The Morality of Terrorism
Do you know that the September 11 2001 attacks were the deadliest on U.S. soil? Terrorism is the indiscriminate killing of uninvolved people. It began as a method of radical attempts after the end of the Second World War, after it had become a characteristic of current war. Terrorism is indiscriminate and uncertain violence. Its proponents argue that it can be justified in some cases. “Just war pacifism” may cause terrorism to be accepted.
For example, supporters of terrorism argue that the terrorists in Palestine may be vindicated since they are fighting for a good cause and they lack an alternative method to stop the Israeli occupation. Some scholars who have recently tried to validate terrorism refer to it as “supreme emergency exemption”. Similarly, in efforts to validate terrorism, others insist that it is acceptable in unforeseen situations when there is no other technique to pursue action with reasonable grounds, and this group of scholars has referred to it as “terror-killing”.
Women and Children
Since terrorism intentionally aims for the defenseless and innocent (or simply disregards the idea of innocence), nothing justifies it. The practice is unacceptable since it doesn’t respect anyone. When German cities were being bombed in the Second World War, many women and children lost their lives. Terrorists harm civilians so that they can lower their morale, and this is why it is seen as a civilian strategy.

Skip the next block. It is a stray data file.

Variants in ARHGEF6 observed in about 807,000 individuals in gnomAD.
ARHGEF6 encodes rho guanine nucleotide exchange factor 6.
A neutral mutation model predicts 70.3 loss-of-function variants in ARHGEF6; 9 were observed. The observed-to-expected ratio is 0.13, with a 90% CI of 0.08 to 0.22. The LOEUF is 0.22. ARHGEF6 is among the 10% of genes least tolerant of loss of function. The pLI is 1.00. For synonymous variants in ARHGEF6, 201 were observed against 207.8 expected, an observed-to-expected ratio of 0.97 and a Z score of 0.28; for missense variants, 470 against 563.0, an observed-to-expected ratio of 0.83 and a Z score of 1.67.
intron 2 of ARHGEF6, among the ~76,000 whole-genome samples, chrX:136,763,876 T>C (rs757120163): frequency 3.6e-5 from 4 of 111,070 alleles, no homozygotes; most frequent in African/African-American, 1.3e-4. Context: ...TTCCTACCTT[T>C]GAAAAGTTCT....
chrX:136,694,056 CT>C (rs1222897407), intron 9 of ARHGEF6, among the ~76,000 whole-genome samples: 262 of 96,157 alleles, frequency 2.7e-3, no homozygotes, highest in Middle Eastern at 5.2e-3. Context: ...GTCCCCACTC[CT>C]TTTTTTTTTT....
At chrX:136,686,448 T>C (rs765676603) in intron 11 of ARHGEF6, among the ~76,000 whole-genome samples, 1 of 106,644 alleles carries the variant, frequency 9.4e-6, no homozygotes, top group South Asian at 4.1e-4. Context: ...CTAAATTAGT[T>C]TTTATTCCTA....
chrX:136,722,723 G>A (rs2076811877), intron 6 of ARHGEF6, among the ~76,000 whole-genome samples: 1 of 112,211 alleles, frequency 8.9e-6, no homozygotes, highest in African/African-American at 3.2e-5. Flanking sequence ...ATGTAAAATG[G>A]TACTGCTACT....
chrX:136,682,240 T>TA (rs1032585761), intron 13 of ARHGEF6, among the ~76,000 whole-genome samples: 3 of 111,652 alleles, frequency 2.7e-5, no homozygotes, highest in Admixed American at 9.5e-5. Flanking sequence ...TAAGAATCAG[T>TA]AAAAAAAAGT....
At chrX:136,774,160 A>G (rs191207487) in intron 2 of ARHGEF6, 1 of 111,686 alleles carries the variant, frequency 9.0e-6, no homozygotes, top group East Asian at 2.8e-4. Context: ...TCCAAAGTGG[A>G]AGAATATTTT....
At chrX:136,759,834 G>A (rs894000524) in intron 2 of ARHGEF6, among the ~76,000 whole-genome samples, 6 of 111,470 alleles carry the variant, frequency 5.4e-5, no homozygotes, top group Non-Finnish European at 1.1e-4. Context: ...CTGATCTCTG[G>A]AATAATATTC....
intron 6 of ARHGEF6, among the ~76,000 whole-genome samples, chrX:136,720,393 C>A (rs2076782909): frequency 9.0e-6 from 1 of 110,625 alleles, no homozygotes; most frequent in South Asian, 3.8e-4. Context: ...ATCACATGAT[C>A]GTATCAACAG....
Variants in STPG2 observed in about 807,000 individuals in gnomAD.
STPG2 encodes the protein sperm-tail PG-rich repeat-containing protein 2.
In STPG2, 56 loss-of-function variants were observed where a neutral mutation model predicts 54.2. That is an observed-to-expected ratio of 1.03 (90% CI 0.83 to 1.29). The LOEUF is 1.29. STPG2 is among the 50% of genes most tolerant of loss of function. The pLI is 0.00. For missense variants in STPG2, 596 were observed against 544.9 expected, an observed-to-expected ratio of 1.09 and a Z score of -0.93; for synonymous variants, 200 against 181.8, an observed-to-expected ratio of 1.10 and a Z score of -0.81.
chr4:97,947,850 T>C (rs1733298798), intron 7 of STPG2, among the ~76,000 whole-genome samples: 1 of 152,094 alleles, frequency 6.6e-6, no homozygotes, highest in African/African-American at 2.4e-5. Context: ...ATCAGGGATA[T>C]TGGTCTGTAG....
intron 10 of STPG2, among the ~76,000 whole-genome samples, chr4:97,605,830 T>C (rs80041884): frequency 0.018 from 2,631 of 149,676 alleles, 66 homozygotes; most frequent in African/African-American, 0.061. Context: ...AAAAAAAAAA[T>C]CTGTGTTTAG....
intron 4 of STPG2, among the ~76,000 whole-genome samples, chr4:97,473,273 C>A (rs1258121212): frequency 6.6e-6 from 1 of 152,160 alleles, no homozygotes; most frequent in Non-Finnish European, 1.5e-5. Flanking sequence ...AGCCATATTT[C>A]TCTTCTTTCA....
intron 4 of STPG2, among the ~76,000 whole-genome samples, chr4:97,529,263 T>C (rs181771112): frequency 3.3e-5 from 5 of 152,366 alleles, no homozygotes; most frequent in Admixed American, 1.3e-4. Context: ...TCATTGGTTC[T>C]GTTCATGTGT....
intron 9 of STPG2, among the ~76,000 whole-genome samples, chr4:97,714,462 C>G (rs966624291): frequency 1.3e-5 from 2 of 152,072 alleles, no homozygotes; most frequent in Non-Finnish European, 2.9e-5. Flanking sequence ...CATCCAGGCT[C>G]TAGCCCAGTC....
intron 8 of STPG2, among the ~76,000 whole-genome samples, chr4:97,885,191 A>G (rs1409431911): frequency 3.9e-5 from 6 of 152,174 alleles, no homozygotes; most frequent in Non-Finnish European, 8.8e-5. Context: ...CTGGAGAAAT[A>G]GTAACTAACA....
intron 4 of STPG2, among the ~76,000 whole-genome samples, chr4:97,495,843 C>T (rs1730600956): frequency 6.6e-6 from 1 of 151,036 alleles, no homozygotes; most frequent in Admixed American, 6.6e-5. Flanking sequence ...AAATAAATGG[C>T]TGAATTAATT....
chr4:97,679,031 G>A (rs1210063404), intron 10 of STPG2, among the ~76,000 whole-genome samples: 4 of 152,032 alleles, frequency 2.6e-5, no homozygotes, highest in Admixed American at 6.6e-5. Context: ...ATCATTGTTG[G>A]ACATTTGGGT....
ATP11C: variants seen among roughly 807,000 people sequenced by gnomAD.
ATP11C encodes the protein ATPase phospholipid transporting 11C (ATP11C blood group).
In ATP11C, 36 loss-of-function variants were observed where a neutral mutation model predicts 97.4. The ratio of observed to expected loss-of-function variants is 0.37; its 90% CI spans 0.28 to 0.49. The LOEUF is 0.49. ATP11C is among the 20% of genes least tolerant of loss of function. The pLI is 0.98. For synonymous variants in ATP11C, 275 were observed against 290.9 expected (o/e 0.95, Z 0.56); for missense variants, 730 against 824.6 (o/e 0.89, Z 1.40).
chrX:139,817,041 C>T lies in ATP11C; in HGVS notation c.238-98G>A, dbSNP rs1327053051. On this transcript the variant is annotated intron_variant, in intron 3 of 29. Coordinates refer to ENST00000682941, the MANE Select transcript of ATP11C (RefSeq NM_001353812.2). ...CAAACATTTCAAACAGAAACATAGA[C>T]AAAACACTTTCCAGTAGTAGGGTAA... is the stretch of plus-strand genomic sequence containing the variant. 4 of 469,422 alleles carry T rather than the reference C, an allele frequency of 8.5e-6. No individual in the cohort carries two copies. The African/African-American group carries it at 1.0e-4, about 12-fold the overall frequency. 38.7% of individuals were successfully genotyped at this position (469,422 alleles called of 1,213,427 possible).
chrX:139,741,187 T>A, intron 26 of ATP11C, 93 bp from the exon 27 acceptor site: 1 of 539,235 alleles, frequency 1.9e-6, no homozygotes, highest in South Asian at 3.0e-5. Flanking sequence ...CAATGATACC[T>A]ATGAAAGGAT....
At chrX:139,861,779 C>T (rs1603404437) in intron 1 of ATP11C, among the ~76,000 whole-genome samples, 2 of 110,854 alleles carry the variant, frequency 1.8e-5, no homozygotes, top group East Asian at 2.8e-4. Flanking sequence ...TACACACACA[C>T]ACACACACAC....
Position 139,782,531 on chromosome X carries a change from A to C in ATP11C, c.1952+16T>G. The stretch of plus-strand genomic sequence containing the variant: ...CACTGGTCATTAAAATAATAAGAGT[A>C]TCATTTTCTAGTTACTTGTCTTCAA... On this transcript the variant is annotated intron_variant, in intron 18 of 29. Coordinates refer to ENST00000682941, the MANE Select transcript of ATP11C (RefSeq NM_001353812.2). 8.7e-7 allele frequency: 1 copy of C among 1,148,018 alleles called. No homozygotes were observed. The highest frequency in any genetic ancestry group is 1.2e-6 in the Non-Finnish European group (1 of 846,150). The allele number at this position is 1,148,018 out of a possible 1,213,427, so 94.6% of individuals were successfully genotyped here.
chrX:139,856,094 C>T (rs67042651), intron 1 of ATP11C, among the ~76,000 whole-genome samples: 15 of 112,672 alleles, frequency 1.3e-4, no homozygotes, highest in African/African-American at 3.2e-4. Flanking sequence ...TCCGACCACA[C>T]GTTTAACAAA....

Terrorists avoid confrontation with the soldiers and instead use guerrilla war on civilians. In such situations, the army can’t say that they are in a war, due to professional pride. Terrorists have a feeling of warrior honor, the kind of feeling one feels when they are pushing for a cause that will benefit many people. Terrorism can never be acceptable since individuals such as health officers, priests, and other ordinary citizens who are not related to the policies opposed by the terrorist, lose their lives.
Terrorism Creates Fear
Terrorism is intended to create extreme fright and utter confusion to push a political agenda. By inflicting pain on citizens through the loss of lives, terrorism creates social instability. Although some civilians can agree with acts of injustice and oppression and support oppression or war on others, for example by raising money or contributing labor to an oppressive regime, most civilians are innocent. Instead of using terrorism, people should seek other avenues to liberate themselves if they think that they are oppressed by a regime or neighboring country.
Despite what terrorists believe, terrorism can never be a justified way of ruining tyrannical regimes and establishing new nations. Such an assertion is false and its supporters have a distorted perception of their history because they don’t know that not everyone should pay the price for causing them suffering. No compelling reason whatsoever can be given for killing innocent people. The purpose of terrorism is to convey the message of fear to ordinary citizens and politicians because the identities and careers of the dead are not known beforehand.
Inspite of recent endeavors to defend terrorism, it is still a wrong practice. People who justify terrorism argue that the terrorist’s agenda is too important, and the terrorist can bend moral rules to push their agenda. They also argue that other techniques for pushing for a just cause (liberation) are least effective since it is only through terrorism, where they can destroy oppressive regimes and create new nations. However, a critical analysis of these assertions proves that they are false.